Learning to Draw a Line in the Sand

Photo by Angela Kirk

Isn’t it always easier to complain about how others treat you instead of looking at why you allow it? From this dog’s observation I do believe that we need to own our lack of boundaries in certain situations and how it contributes to the problem. We really do teach other what we will tolerate by how we respond.

I have to admit that even I don’t confront things directly at times. For example, there is a dog in the back alley where I work that tries to act like a tough guy by barking and growling at me from behind a six-foot chain link fence. Now I don’t really have anything against this poor beagle mix, but for years he’s raised a big stink every time Doc and I walk by.  Well lets just say he’s annoying. And how do I respond? I pick up my hind leg and pee on the corner of the fence as high as I can. Marking my territory is equivalent to a human’s nasty hand gesture if you know what I mean. Doc tells me in her psychobabble language that I am acting passive aggressive and that I should just tell the poor dog how I feel and be done with it, but I have yet to evolve to that emotional level.

In spite of my lack of maturity I am lucky to have Doc to consult with to help you. So here are some helpful hints she passed along: First you need to start being aware of the people in your life that are vampires ( those that suck the life out of you) and figure out what boundaries you are allowing them to cross. If someone in your life is very toxic it may be time to move on from that relationship. Second, whenever someone asks you to do something, before responding really examine if this is something you want to do. If you don’t say no. The world won’t end if you decline and you will be honoring how you really feel. 3. Communicate in a calm and respectful manner how you are feeling when a person crosses one of your boundaries. The other person may not even realize that you don’t like their behavior because you never said anything. Doc also wanted me to add that it is important to stay safe by trusting your judgement. If you think someone could become abusive toward you, ask for help from a professional.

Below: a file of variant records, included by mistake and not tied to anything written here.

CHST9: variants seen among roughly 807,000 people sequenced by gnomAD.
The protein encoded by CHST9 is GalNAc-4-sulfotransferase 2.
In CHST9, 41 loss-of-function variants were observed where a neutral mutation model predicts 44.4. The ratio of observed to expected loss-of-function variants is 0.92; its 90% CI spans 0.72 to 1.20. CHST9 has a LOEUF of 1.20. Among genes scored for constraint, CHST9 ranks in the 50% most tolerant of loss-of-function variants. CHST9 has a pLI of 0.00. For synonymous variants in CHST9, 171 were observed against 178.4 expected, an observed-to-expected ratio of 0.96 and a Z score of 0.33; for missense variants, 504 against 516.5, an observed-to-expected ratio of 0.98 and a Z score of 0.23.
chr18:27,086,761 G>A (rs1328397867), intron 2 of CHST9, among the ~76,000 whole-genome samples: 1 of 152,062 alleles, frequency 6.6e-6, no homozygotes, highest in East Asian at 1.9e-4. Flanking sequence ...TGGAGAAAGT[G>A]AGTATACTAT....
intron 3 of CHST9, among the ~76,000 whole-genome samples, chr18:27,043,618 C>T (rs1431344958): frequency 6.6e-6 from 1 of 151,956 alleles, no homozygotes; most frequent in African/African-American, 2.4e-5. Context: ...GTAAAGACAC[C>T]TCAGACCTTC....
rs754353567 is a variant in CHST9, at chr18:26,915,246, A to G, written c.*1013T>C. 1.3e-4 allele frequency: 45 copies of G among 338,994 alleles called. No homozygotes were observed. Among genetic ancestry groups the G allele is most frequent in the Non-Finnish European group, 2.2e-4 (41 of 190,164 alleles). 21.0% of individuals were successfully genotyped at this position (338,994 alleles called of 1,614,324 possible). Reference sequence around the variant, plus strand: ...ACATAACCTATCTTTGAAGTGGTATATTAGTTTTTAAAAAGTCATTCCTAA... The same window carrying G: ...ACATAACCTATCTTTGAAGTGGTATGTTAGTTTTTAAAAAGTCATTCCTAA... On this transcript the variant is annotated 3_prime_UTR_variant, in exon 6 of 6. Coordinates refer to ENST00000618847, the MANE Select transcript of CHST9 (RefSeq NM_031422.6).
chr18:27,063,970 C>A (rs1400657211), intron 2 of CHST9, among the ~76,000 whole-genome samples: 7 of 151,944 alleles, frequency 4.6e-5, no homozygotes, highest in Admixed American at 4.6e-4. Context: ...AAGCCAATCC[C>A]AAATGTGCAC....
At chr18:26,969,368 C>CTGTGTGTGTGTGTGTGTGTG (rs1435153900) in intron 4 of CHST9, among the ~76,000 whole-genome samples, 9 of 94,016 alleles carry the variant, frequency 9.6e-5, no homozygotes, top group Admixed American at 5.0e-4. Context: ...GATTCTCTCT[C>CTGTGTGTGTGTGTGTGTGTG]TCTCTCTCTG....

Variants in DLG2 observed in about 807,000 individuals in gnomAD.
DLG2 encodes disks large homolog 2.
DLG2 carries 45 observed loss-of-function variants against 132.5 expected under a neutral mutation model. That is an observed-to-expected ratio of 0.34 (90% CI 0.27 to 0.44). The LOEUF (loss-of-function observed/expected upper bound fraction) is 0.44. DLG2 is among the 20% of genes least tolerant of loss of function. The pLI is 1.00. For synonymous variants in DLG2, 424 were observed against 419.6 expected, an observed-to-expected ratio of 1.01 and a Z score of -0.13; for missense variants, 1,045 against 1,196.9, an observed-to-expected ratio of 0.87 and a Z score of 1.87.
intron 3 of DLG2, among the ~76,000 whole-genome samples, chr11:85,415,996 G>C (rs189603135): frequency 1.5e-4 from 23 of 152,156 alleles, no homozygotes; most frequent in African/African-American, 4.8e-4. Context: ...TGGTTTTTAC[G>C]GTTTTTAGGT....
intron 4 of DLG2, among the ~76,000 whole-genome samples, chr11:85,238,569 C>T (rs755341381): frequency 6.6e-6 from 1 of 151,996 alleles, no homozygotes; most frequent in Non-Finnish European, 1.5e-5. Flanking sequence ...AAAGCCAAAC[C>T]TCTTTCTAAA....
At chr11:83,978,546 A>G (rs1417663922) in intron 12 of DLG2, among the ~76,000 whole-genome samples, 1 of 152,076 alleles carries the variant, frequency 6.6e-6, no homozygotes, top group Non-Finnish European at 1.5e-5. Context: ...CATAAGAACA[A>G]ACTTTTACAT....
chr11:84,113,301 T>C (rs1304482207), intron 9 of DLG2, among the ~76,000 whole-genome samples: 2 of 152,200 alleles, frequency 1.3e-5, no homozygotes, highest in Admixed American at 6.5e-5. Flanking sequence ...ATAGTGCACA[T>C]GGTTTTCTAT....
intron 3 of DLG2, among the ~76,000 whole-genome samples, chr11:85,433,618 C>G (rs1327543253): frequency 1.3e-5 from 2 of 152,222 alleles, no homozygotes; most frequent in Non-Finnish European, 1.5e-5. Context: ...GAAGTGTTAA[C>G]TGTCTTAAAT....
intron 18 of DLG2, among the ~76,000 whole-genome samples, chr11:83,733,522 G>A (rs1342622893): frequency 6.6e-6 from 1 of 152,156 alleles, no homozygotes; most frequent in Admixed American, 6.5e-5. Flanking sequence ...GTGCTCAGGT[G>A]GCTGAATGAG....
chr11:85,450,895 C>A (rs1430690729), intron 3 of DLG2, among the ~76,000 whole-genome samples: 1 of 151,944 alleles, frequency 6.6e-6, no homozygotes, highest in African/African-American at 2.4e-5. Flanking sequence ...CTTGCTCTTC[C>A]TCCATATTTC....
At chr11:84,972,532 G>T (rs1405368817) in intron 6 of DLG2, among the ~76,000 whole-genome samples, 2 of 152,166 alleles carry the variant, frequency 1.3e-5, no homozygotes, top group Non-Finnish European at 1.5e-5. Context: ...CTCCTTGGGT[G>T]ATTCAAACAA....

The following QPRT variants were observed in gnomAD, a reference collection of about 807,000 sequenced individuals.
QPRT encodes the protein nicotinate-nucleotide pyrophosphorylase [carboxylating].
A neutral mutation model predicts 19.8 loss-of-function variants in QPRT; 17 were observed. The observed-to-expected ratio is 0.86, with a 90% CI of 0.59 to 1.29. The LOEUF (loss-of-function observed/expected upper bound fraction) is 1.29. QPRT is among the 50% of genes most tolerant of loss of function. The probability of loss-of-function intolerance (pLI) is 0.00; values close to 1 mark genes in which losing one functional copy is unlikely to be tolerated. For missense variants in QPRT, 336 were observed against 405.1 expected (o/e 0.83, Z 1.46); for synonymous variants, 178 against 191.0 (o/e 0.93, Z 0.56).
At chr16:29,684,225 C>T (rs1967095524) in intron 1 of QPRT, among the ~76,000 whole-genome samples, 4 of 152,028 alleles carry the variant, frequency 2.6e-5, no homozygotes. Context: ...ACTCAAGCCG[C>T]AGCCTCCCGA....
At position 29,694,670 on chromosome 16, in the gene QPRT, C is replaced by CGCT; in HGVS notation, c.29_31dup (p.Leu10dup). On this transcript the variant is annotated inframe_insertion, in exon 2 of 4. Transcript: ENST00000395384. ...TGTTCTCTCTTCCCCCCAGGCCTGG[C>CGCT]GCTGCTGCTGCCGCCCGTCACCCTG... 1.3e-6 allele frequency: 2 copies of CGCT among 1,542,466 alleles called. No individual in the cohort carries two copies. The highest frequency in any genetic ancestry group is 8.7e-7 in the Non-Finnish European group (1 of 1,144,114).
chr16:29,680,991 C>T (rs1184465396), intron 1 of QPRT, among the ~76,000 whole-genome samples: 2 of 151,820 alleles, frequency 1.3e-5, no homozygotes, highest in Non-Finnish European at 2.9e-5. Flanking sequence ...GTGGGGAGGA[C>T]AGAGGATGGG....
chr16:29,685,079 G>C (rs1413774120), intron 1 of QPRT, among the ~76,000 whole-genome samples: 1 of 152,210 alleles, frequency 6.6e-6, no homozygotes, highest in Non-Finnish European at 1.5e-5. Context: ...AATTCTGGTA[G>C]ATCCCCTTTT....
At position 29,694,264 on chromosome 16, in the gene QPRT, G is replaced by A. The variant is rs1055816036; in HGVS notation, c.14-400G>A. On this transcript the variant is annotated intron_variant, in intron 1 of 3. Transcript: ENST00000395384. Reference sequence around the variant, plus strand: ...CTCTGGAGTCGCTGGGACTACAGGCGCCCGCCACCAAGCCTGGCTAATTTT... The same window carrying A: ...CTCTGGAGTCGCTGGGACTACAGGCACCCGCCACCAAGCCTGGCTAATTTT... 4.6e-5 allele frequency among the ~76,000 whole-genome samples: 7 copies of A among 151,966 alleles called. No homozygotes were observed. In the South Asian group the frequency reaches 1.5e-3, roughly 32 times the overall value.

As an adult you get to decide how you allow others to treat you. Have enough respect for yourself that you learn to protect your time and emotions.






2 responses to “Learning to Draw a Line in the Sand”

  1. Rebecca Harris Avatar
    Rebecca Harris

    Thanks Grover just had a major loss in my life and I am also a recovering addict. I have never been healthy with my boundaries and it seems it has gotten worse now,but I am working on them your advice has helped alot. Thanks!!

    1. Grover Avatar

      Glad I could help.